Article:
I recently saw a tweet linking to a dozen charts depicting twelve wildly differing definitions of what it means to be “middle class” in the U.S. Unfortunately, I can’t find the tweet anymore. But nevertheless, here’s the takeaway: perceptions of personal wealth differ dramatically and many of those in the upper class by one definition understand themselves as middle class by another. Today’s post by Catherine Malotky enters into this discussion through the lens of generosity and giving. How do the “wealthy” give differently? What can congregations do to support their giving? This week, Catherine introduces the concept and, next week, she’ll cover particular giving mechanisms.
Adam Copeland, Center for Stewardship Leaders
Growing Generosity (Part 1)
Rev. Catherine Malotky
It has been my experience that very few of us see ourselves as rich or wealthy. Studies on wealth have revealed that our perception of our own wealth is not very dependent on the dollar figures that quantify our financial reality. Instead, our perception of our own wealth is remarkably dependent on the apparent wealth of those with whom we spend time.
Perhaps you would be surprised, as I was, at this charitable giving definition:
A high net worth household =
- an annual income of $200,000 or more, or
- investments or other assets equaling $1 million or more.
(Lake Institute on Faith and Giving, 2016)
Where do you land? Where do members of your congregation land? There are plenty of young adults working good, solid corporate jobs whose families might qualify on the income side, and there are plenty of older adults who had/have those kinds of jobs who qualify on the investment/assets side, since that side includes retirement assets. Many of us have, over a generation or two, or even just in our own lifetimes, become quantifiably wealthy, especially when comparing ourselves to global standards. A perception of ourselves as “not wealthy” is not confirmed on a growing number of our net worth statements.
It’s important to point out that there are plenty of people in our society who do not meet the definition of a high net worth household, and likely never will. Even a middle-class identity is something they may, at best, hope for their children or their children’s children. Think of those who may have immigrated, those who have lived in generational poverty, those whose color or sexual orientation continue to limit their economic appeal in overt and subtle ways, and those whose physical or cognitive capacities limit their ability to engage as wage-earners. In this discussion I’m not forgetting about these categories of God’s children, actually just the opposite. One of my driving hopes is that increased generosity will create a culture, at least within our faith communities, where the gifts of all are welcomed, resourced, and blessed to be a blessing.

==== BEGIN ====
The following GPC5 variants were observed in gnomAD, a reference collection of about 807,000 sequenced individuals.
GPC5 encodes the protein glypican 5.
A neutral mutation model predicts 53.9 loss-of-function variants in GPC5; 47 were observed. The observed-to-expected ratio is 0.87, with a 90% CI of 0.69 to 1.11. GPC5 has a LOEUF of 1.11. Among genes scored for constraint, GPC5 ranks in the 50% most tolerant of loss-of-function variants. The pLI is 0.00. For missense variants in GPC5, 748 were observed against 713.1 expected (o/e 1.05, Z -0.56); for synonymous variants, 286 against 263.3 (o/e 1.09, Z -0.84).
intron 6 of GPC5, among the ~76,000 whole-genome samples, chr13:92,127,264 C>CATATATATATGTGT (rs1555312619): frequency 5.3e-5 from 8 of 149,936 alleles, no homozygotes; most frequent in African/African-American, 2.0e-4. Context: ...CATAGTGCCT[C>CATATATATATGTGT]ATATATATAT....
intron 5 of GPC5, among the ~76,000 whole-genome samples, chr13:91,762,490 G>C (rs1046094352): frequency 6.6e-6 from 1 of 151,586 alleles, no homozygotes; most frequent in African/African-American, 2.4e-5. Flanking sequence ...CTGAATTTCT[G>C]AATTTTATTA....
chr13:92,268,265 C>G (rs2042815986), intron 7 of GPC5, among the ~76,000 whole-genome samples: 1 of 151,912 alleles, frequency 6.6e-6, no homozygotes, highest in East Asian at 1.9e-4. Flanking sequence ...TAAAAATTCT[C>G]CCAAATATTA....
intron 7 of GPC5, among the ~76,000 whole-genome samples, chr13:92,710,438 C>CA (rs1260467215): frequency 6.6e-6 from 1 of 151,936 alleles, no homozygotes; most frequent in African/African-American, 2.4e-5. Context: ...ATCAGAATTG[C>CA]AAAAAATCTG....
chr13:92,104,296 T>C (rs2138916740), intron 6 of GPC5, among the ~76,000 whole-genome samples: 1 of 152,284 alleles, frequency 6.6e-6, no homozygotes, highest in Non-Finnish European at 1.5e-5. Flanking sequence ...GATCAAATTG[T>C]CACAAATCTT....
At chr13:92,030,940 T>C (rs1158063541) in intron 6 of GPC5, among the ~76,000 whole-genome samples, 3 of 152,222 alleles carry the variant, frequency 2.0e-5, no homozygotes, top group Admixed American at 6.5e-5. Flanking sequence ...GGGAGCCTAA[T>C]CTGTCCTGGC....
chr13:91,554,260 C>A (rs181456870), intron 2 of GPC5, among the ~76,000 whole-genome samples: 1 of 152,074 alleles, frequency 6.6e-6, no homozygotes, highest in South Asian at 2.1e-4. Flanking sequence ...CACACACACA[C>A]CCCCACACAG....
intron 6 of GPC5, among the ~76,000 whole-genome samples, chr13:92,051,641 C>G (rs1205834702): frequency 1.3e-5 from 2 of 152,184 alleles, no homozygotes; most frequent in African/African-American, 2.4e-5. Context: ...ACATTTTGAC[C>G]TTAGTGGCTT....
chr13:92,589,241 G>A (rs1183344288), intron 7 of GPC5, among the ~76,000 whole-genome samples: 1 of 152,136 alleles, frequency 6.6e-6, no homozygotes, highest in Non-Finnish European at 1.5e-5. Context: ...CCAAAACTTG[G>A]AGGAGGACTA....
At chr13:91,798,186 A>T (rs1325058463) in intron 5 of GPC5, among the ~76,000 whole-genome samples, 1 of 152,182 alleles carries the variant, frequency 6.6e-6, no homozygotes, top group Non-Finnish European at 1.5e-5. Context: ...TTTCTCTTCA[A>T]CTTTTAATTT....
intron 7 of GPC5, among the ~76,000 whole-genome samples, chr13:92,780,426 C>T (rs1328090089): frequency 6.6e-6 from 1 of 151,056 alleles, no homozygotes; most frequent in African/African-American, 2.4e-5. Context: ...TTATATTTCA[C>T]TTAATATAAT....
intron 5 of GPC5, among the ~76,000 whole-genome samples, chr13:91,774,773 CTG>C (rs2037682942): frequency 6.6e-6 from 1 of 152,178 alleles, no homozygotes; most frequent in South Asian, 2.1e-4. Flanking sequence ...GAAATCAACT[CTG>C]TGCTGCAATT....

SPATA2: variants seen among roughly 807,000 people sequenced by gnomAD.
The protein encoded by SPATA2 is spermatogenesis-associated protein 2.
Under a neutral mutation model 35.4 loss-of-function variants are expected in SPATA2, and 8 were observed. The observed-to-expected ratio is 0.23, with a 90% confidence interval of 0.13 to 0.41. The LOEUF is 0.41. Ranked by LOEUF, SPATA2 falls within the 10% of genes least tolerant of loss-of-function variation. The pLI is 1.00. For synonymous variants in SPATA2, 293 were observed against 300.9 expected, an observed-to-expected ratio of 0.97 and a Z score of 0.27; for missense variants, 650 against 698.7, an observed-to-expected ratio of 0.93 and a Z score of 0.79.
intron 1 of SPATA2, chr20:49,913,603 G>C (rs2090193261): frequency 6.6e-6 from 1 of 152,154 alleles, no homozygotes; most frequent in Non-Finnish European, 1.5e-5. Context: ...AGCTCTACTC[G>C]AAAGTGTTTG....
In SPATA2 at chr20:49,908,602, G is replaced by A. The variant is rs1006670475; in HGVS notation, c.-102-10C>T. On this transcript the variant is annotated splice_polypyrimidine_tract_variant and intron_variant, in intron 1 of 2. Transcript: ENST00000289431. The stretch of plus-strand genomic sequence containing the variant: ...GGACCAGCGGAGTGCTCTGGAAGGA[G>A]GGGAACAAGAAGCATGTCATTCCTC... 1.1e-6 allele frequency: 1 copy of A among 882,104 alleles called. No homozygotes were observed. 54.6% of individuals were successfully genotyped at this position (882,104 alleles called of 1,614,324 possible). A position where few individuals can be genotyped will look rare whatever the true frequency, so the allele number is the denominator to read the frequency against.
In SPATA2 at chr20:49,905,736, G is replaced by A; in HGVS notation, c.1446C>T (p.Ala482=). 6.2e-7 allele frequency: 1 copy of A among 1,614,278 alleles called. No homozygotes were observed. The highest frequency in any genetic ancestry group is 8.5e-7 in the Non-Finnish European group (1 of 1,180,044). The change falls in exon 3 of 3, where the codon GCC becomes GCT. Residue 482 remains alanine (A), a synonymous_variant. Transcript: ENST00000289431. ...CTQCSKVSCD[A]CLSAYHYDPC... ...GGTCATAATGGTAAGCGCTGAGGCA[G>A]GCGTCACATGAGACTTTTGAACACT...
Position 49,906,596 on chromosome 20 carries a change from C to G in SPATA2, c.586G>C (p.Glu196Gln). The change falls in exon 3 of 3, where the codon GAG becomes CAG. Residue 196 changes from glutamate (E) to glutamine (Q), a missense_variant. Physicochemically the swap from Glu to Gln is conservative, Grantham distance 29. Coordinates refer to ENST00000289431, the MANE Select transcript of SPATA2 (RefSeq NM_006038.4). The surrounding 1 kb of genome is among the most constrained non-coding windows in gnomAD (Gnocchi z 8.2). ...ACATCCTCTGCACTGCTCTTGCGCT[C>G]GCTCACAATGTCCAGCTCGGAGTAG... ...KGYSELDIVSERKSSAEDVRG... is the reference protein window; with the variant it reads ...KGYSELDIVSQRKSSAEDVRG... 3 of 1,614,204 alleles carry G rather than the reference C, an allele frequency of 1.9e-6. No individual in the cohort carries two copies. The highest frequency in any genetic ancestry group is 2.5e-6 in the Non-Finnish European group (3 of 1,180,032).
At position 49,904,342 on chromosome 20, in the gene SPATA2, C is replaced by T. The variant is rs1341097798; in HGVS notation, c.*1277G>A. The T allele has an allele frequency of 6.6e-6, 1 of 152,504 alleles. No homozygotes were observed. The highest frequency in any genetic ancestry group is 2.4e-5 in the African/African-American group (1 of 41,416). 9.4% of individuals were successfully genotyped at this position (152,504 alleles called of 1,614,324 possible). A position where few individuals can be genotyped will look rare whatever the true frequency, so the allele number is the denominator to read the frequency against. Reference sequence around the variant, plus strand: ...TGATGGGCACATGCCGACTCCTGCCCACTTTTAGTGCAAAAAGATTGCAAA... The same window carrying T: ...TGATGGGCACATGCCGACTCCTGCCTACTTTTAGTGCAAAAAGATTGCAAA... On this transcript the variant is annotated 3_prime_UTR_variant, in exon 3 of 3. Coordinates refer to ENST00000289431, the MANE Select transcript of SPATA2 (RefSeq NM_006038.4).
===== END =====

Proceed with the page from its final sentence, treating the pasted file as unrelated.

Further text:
Given this definition of “high net worth,” the tools and strategies for managing family resources that used to be reserved for the very wealthy are becoming more common among those of us who don’t consider ourselves wealthy. Our friends who work in fundraising and development know about these tools, but it is more and more true that those of us who are leaders in Christian communities need to know about them too. I’m not proposing that you become an expert, but that you know enough to be able to be helpful at best and at least be able to receive their gift, should they choose to use one of these tools.
We may have people in our congregations who have benefited from our economy’s intrinsic preferences and values. Many of them are quite aware that they have benefitted and want to be generous using the tools that work for them. If someone tells you they will be happy to give, but want to give appreciated stock, would you be ready to receive this gift? Would you know enough to help someone direct to your congregation a qualified charitable distribution from a traditional IRA? And would a member of your congregation be able to send a gift your way from a donor-advised fund?
Next week, we will look briefly at each of these increasingly common ways of giving, what they are, and how you might prepare your congregation or organization to receive gifts that come via these tools.
For More Information
Rev. Catherine Malotky serves as Grant and Project Manager for the Center for Stewardship Leaders. Before retiring from full-time work, she was the Director of Development at Luther Seminary, and prior to that was called as the Retirement Planning Manager at Portico where she trained as a life coach and earned the CRC®.
Rethinking Stewardship: Join us on July 25-27 for three days of conversation and exploration at Luther Seminary’s Rethinking Stewardship: From Solemn Obligation to Inspired Choice. More information here.
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